Doctors say severe respiratory cases on rise in Delhi amid hazardous air pollution levels

Doctors say there has been a '30 to 40 per cent increase' in the number of people coming to hospitals with respiratory problems.

Published: 14th November 2021 08:11 PM  |   Last Updated: 14th November 2021 08:11 PM   |  A+A-

Representational image depicting air pollution.

No construction and demolition activity is allowed in the capital till November 17. (File photo)


NEW DELHI: Meena Thakur coughs non-stop as she sits down on the floor to have lunch near the entrance of All India Institute of Medical Sciences (AIIMS) in Delhi.

With a stuffy nose and watery eyes troubling her, she wraps it up quickly and covers her face with her scarf to keep the dust away -- hazardous air quality has pushed the national capital on the cusp of a health emergency and an increased number of people have been seeking medical help.

"My father-in-law is in the hospital. I came from Jalaun (in Uttar Pradesh) to see him on Thursday. I was okay at home, but developed a cold and cough after coming to Delhi. There's smoke all around. I will leave as soon as he is discharged," she says.

ALSO READ | Use public vehicle at least 1 day every month to make Delhi pollution-free: Manish Sisodia to citizens

Across the road, Pawan Yadav, a sanitation worker at Safdarjung Hospital, coughs up phlegm every few seconds.

Yadav, who came to Delhi from Etah in Uttar Pradesh four years ago, says he would leave the city within a day if someone gives him an equal-paying job in his town.

"Jo nuksaan hona tha ho gya. Aur bhi dikkatein hain jeevan me (the damage has been done. There are other bigger problems in my life)," he says and spits again, when asked if hazardous air pollution is a cause for concern for him.

Throat-burning smog has been smothering Delhi since November 4.

According to an analysis by the Delhi Pollution Control Committee (DPCC), people in the national capital breathe the worst air between November 1 and November 15 every year, as unhelpful meteorological conditions trap pollutants coming from local sources and stubble burning in neighbouring states -- Punjab and Haryana.

On Saturday, the Delhi government announced closure of physical classes in schools, colleges and other educational institutions for a week from Monday.

ALSO READ | Emergency measures announced by Kejriwal 'band-aid solution' to pollution problem, say experts

All government offices, agencies and autonomous bodies, except those involved in essential services, have been asked to work from home.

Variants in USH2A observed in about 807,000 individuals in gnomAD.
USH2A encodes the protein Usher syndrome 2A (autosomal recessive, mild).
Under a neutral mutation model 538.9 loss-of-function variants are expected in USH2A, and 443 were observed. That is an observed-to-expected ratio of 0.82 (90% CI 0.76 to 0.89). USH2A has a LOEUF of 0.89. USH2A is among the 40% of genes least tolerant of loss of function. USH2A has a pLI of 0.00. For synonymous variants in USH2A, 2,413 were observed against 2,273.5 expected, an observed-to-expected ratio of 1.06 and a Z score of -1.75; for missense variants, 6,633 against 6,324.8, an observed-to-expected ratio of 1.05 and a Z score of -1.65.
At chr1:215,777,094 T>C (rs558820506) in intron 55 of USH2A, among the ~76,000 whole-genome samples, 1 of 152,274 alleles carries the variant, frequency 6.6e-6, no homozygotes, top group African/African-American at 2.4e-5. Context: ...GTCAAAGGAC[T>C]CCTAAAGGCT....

No construction and demolition activity is allowed in the capital till November 17, it announced in a desperate effort to contain spiralling air pollution levels.

Doctors say there has been a "30 to 40 per cent increase" in the number of people coming to hospitals with respiratory problems.

"We have observed an increase in the severity of asthma attacks. Those with pre-existing respiratory issues are requiring hospitalisation. These are acute effects of the hazardous air pollution in the city," said Dr Vikas Maurya, head of Pulmonology Department, Fortis Hospital, Shalimar Bagh.

The hospital has been reporting 25 to 30 cases of respiratory disorders per day.

Of these, three to four are of "severe" nature.

​ALSO READ | No physical classes in Delhi schools, colleges for 1 week as pollution hits emergency level

Around 50-55 patients with breathing issues are admitted in the hospital at present, he said.

Dr Abhinav Guliani, pulmonologist, Ganga Ram Hospital, said there has been a two to threefold increase in the number of patients with respiratory infections since Diwali.

"We have been witnessing up to 30 patients per week. Normally, we would see around 10 to 20 such patients in a week," he said.

The hospital has been advising elderly patients and those with respiratory diseases to stay at home and step out only if it is absolutely necessary.

Dr Neetu Jain, senior pulmonologist at PSRI Hospital, said they have recorded at least 25 per cent increase in respiratory diseases.

"We have admitted around seven patients, who have been stable in the last one year, after the rise in air pollution. We have also witnessed an uptick in the number of people without any history of respiratory illnesses," she said.



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